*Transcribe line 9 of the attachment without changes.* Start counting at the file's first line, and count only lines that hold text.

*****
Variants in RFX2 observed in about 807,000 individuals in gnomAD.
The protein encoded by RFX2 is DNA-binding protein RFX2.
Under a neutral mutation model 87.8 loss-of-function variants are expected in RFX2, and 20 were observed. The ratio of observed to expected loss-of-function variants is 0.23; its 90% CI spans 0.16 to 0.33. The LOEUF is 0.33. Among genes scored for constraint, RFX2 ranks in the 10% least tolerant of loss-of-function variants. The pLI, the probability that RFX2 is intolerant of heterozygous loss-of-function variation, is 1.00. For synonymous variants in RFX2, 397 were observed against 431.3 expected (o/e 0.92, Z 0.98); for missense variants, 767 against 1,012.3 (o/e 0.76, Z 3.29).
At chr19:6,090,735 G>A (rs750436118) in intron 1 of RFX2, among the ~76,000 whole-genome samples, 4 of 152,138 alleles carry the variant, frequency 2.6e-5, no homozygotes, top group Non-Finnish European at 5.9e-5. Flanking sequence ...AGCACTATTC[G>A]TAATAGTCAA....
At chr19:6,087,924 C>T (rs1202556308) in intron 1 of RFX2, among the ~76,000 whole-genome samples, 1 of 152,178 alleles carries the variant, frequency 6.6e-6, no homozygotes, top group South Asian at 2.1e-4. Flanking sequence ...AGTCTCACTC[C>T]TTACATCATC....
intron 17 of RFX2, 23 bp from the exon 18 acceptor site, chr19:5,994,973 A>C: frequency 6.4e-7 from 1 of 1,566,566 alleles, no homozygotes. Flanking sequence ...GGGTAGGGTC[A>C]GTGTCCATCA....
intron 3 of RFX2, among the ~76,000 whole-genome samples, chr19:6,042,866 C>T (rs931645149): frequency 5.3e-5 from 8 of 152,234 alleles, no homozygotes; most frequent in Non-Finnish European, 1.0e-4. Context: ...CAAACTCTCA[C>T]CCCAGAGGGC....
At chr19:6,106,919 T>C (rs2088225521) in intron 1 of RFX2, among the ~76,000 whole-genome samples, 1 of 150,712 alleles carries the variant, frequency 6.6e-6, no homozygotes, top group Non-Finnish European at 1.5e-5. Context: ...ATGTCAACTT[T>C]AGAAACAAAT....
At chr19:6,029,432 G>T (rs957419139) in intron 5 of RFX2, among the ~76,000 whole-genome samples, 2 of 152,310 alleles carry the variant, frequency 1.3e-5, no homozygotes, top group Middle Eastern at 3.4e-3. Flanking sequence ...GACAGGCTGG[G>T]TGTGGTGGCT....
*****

At chr19:6,029,432 G>T (rs957419139) in intron 5 of RFX2, among the ~76,000 whole-genome samples, 2 of 152,310 alleles carry the variant, frequency 1.3e-5, no homozygotes, top group Middle Eastern at 3.4e-3. Flanking sequence ...GACAGGCTGG[G>T]TGTGGTGGCT....